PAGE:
There are graphic novels and fantasy novels and novels with aliens and advanced technologies.
There are biographies and reference books and books documenting criminal acts.
There are books with big words, rude words, no words and new words.
All one needs to do to find these books is look.
From a young age, we are very inquisitive. We seek new information and have the desire to learn. It’s true, we’re not always interested in everything in equal measure but what does captivate us, we grab onto and thrive on, wishing to discover more.
When you’re growing up, books can be some of the best sources of new information and imaginative discoveries. With so many books out there, covering such a vast range of topics and genres, it’s enough to make some people nervous. With so much available at the click of a finger, children and teens have access to a lot more than they used to. Parents are doomed to worry about what mightn't be “appropriate” for their children to read.
I understand a parent’s desire to be informed as to what their children are reading. It’s good to be aware of what your children are discovering inside the pages of a novel because parents should be a part of their child’s learning and developments.
There are parents who go to the extremes of having certain books banned from schools and libraries because they deem them to be immoral. This puts a damper on children’s ability to read and learn because an adult is taking action to smother a young person’s desire to discover and learn because of their own insecurities and prejudices. It gives youngsters the idea that reading certain books is bad and that learning new insights can be a dangerous venture.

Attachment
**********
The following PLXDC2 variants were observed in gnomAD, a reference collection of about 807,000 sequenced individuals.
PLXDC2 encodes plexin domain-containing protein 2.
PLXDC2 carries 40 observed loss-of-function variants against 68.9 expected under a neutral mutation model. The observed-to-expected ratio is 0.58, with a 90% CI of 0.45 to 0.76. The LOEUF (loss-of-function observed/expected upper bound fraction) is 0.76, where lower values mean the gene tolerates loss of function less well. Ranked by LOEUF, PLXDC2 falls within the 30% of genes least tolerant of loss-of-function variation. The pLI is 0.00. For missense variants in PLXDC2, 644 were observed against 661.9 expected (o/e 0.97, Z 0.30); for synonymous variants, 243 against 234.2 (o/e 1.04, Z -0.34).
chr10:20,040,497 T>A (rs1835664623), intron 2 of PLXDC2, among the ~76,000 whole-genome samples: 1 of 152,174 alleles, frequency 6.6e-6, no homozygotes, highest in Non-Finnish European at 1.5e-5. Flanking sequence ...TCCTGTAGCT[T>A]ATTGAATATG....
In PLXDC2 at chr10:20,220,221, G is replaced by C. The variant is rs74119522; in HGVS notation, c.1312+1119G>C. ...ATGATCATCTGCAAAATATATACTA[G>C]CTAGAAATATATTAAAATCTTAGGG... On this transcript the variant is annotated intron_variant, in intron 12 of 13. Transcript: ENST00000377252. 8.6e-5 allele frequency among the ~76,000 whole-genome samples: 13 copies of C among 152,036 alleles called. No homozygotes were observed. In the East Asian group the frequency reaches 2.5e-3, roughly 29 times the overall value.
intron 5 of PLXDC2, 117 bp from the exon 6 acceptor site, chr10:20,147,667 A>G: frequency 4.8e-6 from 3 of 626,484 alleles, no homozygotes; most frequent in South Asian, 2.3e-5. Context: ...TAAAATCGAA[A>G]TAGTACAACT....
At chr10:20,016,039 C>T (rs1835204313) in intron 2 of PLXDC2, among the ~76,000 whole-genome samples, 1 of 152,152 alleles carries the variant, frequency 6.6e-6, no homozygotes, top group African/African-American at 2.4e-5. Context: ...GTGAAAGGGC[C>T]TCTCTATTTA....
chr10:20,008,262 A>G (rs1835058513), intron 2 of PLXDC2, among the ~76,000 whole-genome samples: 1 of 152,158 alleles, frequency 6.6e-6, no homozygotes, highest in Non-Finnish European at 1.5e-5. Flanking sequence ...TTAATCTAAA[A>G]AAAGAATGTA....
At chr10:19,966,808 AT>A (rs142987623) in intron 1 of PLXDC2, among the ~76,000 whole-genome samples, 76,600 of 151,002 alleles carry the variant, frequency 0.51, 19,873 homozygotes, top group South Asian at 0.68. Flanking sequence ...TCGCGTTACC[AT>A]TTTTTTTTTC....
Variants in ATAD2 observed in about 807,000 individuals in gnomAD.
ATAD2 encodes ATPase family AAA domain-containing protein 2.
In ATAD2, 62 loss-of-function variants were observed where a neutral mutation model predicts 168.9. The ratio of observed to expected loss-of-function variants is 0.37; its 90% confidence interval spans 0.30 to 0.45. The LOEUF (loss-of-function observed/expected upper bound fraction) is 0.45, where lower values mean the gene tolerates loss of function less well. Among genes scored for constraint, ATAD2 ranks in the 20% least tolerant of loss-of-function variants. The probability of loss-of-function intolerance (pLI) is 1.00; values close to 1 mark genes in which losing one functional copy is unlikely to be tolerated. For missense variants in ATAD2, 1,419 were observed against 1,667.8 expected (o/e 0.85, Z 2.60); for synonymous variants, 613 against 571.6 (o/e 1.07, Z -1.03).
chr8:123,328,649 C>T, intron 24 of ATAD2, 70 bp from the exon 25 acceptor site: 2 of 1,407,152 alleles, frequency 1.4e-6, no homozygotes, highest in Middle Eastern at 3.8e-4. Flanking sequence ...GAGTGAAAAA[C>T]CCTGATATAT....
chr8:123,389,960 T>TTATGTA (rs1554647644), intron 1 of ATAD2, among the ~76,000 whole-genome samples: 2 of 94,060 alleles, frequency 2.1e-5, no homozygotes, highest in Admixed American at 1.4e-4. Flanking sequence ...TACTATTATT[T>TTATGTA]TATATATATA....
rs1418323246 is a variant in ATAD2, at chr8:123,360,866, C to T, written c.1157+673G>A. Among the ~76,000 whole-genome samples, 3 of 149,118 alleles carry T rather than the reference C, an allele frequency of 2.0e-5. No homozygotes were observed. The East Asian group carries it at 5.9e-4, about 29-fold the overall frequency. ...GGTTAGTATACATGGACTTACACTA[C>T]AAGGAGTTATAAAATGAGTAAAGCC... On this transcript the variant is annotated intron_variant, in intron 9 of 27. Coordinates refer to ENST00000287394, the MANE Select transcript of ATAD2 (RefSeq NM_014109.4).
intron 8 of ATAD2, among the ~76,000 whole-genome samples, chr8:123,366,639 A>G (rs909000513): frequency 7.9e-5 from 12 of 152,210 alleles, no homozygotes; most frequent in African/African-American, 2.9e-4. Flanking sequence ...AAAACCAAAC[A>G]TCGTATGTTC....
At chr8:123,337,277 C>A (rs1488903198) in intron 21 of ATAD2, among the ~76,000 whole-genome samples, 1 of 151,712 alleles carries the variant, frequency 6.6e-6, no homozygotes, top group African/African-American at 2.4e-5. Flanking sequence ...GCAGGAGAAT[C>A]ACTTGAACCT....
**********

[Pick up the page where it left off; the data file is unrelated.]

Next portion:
A week ago, I saw a mother and her daughter in a bookstore. The girl (maybe thirteen) wanted to buy a set of adult books, involving plenty of violence and sex scenes. Since this was in the young adult section, I pointed it out to the mother, just so that she was informed. I was impressed to discover that the mother was very comfortable with her daughter reading and viewing material above her target age level. I think as long as parents are aware and involved, they have nothing to be concerned about. After all, if her daughter is reading, that is what matters.
Once in a large bookstore, I saw a little boy begging his mother for a book. She refused him. Imagine taking a child into a bookstore and refusing him a book! I have no idea what sort of book he was after but he was probably forced to go home and watch “age-appropriate” television, which might have been some dumbed-down program for children that would traumatise most adults.
Parents that read with their children and don’t neglect the books targeted at their child’s age group are much more likely to nourish their child's appreciation of literature. If you are confident and open about exploring books with your child, then they will be open and confident about discussing the book's themes and subjects with you.
Censorship and the banning of books is a serious issue. While a parent has a right to take an interest in what their children are reading, to take measures that keep others from reading what are often good and well-loved books, isn’t fair.
Books can’t hurt people or make them do anything. They are simply a wonderful gateway that allows readers to experience and discover something new.